“We believe that all students, regardless of major or background, should be able to access these in-demand skills while they are pursuing their undergraduate degree,” says Chris Parrish, Podium’s president of university partnerships. “Since our programs run for credit, students can leverage federal financial aid to pay for the experience.”
The instructional design process for the company begins with data analysis of entry-level job descriptions, with a focus on career readiness. The ideal roles for its completers aren’t in data science, Parrish says. They might be compliance officers who use Excel in their work.
Podium makes money with a tuition fee from its university partners, charging less than a 50 percent share of tuition revenue.
Parrish says colleges sign up rather than trying to offer this content themselves because of the company’s spending on content quality, scaling potential, and connections to careers.
“Our programs are produced at Netflix-level quality and include weekly LiveLabs, which are inspired by best-in-class streaming experiences like Peloton and Twitch,” he says.
Jona says the boomlet for experiential learning platforms is driven by the economies of scale they offer to both colleges and employers. Northeastern employs more than 100 staff members who work solely on its cooperative program, an investment few colleges can or will make. And a successful platform offers companies the ability to reach many colleges rather than pursuing one-off partnerships.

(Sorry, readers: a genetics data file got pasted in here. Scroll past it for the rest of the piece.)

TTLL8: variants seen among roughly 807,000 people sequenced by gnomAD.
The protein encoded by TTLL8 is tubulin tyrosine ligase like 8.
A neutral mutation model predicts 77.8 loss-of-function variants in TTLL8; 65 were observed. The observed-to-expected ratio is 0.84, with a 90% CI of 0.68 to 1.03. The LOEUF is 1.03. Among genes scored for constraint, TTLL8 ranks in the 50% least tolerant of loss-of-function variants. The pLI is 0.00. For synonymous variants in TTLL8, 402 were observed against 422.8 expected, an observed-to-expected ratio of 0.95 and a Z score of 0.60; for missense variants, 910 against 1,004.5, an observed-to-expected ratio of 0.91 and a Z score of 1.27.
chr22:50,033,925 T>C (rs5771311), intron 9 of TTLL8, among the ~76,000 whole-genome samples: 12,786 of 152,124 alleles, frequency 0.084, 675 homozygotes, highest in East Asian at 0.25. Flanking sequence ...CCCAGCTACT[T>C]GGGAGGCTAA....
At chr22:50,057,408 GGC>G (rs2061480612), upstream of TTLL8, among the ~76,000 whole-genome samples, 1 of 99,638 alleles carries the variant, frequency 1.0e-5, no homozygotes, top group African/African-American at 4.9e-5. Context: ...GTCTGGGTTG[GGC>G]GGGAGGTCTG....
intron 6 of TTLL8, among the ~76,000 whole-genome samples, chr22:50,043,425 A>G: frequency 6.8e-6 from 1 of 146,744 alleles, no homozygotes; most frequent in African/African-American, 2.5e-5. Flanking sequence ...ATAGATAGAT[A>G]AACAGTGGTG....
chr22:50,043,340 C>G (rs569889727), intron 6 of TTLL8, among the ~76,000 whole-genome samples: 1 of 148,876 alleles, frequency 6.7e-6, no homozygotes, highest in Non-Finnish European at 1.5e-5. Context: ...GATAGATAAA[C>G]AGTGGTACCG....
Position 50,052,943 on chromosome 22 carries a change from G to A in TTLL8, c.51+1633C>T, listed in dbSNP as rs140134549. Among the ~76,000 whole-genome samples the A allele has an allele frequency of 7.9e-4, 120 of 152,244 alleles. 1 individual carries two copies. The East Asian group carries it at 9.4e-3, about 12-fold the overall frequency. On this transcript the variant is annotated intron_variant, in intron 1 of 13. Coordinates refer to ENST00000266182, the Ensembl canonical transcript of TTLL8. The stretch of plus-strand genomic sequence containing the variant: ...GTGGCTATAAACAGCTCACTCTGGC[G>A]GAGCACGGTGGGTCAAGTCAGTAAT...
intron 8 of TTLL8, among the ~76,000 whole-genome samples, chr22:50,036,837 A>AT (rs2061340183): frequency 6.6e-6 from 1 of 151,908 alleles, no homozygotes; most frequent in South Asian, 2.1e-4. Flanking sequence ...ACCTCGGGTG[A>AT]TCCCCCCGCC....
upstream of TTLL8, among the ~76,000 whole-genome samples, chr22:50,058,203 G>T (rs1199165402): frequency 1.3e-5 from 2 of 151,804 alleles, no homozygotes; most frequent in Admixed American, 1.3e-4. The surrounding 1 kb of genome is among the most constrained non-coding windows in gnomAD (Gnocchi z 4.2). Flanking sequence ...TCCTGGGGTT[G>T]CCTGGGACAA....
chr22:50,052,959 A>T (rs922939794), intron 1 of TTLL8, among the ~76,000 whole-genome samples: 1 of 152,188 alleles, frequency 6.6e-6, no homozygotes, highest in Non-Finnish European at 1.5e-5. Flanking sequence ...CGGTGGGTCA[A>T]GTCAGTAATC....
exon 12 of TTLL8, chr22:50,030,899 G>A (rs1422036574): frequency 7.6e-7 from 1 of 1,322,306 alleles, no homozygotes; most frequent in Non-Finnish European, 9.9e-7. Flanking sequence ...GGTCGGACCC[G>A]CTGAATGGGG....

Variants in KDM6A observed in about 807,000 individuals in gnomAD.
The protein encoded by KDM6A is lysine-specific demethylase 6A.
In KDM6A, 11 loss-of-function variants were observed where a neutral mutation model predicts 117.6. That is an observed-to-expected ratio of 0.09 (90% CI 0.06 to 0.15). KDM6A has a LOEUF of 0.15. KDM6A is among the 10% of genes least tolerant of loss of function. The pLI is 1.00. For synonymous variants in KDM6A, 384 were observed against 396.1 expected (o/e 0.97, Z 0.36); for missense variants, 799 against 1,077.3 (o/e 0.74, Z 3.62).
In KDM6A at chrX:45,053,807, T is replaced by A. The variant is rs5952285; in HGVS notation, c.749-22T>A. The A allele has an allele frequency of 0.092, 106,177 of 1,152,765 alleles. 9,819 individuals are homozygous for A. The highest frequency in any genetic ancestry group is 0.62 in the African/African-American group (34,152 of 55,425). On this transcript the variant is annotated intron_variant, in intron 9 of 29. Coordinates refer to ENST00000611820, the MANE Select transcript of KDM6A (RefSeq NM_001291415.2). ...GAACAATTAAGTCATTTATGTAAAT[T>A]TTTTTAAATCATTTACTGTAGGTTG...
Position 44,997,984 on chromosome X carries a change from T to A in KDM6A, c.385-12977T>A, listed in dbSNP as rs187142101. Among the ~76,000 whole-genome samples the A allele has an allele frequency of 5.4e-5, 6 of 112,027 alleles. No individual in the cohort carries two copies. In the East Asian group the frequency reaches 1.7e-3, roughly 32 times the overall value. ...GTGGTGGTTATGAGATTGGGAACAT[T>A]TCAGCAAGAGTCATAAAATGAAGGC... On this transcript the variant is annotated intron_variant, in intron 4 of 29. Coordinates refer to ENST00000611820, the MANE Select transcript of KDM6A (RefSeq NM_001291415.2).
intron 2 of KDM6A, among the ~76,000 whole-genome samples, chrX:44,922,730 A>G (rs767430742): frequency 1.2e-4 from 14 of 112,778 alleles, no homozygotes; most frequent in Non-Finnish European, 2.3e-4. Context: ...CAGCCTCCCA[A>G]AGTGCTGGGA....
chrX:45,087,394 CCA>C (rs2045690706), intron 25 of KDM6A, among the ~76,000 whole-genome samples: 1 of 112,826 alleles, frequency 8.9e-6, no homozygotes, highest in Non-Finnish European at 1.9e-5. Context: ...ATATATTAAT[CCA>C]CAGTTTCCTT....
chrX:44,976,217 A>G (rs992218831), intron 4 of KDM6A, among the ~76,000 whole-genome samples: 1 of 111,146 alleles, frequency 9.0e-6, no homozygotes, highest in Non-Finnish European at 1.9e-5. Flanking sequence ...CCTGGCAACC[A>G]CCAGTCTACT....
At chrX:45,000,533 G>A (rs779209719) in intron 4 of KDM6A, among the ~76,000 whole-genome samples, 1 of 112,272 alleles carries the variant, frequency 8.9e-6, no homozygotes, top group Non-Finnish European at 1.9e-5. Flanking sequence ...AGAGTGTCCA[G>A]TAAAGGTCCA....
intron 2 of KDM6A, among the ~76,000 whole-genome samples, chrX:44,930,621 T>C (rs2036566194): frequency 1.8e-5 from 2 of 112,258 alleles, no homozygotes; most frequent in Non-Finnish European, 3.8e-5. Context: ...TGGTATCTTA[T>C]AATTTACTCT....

The Kicker: “It’s no surprise that companies are filling that gap in the marketplace,” says Jona. “Building that employer network is tremendously hard work.”
From Work Shift
Texas reworks its 2030 college plan to reflect a new reality — workshift.opencampusmedia.org
The state’s new “talent strong” plan takes a more expansive view of postsecondary attainment, setting goals for older adults and counting noncollege certificates for the first time.
Down a Million Students
Total undergraduate enrollment dropped by 3.1 percent, or 465,300 students, at U.S. colleges this past fall, with a 3.5 percent dip among older students. The overall undergraduate decline since the pandemic began now sits at 6.6 percent—more than 1M students.